If you know the VB.NET basics, this book teaches everything else you need for developing and deploying database applications with Visual Basic .NET and ADO.NET, the new data access method for the .NET platform. That includes Windows as well as web applications, and both two-tiered and three-tiered applications. Along the way, you’ll learn how to use typed and untyped datasets, bound and unbound controls, data views, parameterized queries, and more. You’ll also learn how to use XML for defining data structures, Crystal Reports for developing reports, and the Server Explorer for working with a database.

Author(s): Doug Lowe, Anne Prince

10. Pro ADO.NET Data Services: Working with RESTful Data (Expert’s Voice in .NET) (2008)

Pro ADO.NET Data Services: Working with RESTful Data is aimed at developers interested in taking advantage of the REST–style data services that ADO.NET Data Services (formerly code–named Astoria) provides. The book shows how to incorporate ADO.NET Data Services into a wide range of common environments, including BizTalk, Ajax and Silverlight client applications. The material is intended for professional developers who are comfortable with the .NET 3.5 Framework but are coming to ADO.NET Data Services for the first time and want to understand how to integrate it into their own applications and enterprise solutions. The book is packed full with extensive real–world solutions and exercises, ensuring you walk away with a deep understanding of how to use ADO.NET Data Services to your best advantage.

Author(s): John Shaw, Gary Evans

11. Professional ADO.NET 3.5 with LINQ and the Entity Framework (2009)

Language Integrated Query (LINQ), as well as the C# 3.0 and VB 9.0 language extensions to support it, is the most import single new feature of Visual Studio 2008 and the .NET Framework 3.x. LINQ is Microsoft’s first attempt to define a universal query language for a diverse set of in-memory collections of generic objects, entities persisted in relational database tables, and element and attributes of XML documents or fragments, as well as a wide variety of other data types, such as RSS and Atom syndication feeds. Microsoft invested millions of dollars in Anders Hejlsberg and his C# design and development groups to add new features to C# 3.0—such as lambda expressions, anonymous types, and extension methods—specifically to support LINQ Standard Query Operators (SQOs) and query expressions as a part of the language itself.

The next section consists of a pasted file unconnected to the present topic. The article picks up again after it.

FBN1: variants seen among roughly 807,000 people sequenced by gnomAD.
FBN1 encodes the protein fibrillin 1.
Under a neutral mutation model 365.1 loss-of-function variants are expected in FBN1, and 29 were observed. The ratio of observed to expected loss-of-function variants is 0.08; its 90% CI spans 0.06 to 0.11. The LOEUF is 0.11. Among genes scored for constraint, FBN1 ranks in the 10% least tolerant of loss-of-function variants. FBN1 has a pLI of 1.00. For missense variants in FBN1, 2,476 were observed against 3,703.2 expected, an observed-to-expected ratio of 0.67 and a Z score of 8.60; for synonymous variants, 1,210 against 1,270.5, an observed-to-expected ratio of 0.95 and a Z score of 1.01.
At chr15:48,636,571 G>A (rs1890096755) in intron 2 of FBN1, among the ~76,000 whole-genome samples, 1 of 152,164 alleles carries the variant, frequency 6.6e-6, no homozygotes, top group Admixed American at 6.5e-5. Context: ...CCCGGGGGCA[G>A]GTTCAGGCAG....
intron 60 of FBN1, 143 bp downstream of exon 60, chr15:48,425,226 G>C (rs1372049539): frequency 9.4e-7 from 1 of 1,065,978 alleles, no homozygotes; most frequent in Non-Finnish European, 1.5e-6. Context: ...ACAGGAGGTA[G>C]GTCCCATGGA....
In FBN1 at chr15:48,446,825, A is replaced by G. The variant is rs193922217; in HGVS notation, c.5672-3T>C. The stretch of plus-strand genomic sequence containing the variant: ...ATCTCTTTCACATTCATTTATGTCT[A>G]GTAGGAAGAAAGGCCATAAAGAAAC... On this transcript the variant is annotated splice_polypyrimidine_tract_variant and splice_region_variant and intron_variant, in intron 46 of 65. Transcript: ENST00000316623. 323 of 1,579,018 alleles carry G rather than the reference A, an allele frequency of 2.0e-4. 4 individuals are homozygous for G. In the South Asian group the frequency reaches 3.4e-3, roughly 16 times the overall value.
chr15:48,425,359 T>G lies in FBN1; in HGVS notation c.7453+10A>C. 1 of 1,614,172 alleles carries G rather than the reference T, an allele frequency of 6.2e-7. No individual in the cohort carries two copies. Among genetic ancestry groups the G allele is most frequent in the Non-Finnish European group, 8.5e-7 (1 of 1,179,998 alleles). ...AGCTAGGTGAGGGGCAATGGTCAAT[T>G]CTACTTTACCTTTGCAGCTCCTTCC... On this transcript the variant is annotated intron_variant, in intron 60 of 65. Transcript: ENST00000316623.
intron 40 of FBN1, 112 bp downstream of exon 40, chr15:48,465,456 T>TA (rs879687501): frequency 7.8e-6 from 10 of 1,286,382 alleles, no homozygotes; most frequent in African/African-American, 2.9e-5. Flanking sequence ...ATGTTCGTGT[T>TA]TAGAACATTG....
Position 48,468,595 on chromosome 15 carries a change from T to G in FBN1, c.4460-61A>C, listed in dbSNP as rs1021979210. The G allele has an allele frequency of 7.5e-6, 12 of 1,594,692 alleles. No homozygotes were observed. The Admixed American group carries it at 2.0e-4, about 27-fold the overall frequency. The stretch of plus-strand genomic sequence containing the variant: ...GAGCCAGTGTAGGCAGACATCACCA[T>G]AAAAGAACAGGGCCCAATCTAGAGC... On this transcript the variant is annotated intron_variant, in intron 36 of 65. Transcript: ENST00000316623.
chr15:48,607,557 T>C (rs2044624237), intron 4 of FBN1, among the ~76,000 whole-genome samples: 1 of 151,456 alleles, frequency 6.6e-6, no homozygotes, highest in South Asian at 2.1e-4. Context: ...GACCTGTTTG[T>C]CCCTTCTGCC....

Corresponding additions to VB 9.0 followed the C# team’s lead, but VB’s implementation of LINQ to XML offers a remarkable new addition to the language: XML literals. VB’s LINQ to XML implementation includes XML literals, which treat well-formed XML documents or fragments as part of the VB language, rather than requiring translation of element and attribute names and values from strings to XML DOM nodes and values.

This book concentrates on hands-on development of practical Windows and Web applications that demonstrate C# and VB programming techniques to bring you up to speed on LINQ technologies. The first half of the book covers LINQ Standard Query Operators (SQOs) and the concrete implementations of LINQ for querying collections that implement generic IEnumerable, IQueryable, or both interfaces. The second half is devoted to the ADO.NET Entity Framework, Entity Data Model, Entity SQL (eSQL) and LINQ to Entities. Most code examples emulate real-world data sources, such as the Northwind sample database running on SQL Server 2005 or 2008 Express Edition, and collections derived from its tables. Code examples are C# and VB Windows form or Web site/application projects not, except in the first chapter, simple command-line projects. You can’t gain a feel for the behavior or performance of LINQ queries with “Hello World” projects that process arrays of a few integers or a few first and last names.

This book is intended for experienced .NET developers using C# or VB who want to gain the maximum advantage from the query-processing capabilities of LINQ implementations in Visual Studio 2008—LINQ to Objects, LINQ to SQL, LINQ to DataSets, and LINQ to XML—as well as the object/relational mapping (O/RM) features of VS 2008 SP1’s Entity Framework/Entity Data Model and LINQ to Entities and the increasing number of open-source LINQ implementations by third-party developers.

Basic familiarity with generics and other language features introduced by .NET 2.0, the Visual Studio integrated development environment (IDE), and relational database management systems (RDBMSs), especially Microsoft SQL Server 200x, is assumed. Experience with SQL Server’s Transact-SQL (T-SQL) query language and stored procedures will be helpful but is not required. Proficiency with VS 2005, .NET 2.0, C# 2.0, or VB 8.0 will aid your initial understanding of the book’s C# 3.0 or VB 9.0 code samples but isn’t a prerequisite.

Microsoft’s .NET code samples are primarily written in C#. All code samples in this book’s chapters and sample projects have C# and VB versions unless they’re written in T-SQL or JavaScript.

Professional ADO.NET 3.5: LINQ and the Entity Framework concentrates on programming the System.Linq and System.Linq.Expressions namespaces for LINQ to Objects, System.Data.Linq for LINQ to SQL, System.Data.Linq for LINQ to DataSet, System.Xml.Linq for LINQ to XML, and System.Data.Entity and System.Web.Entity for EF’s Entity SQL.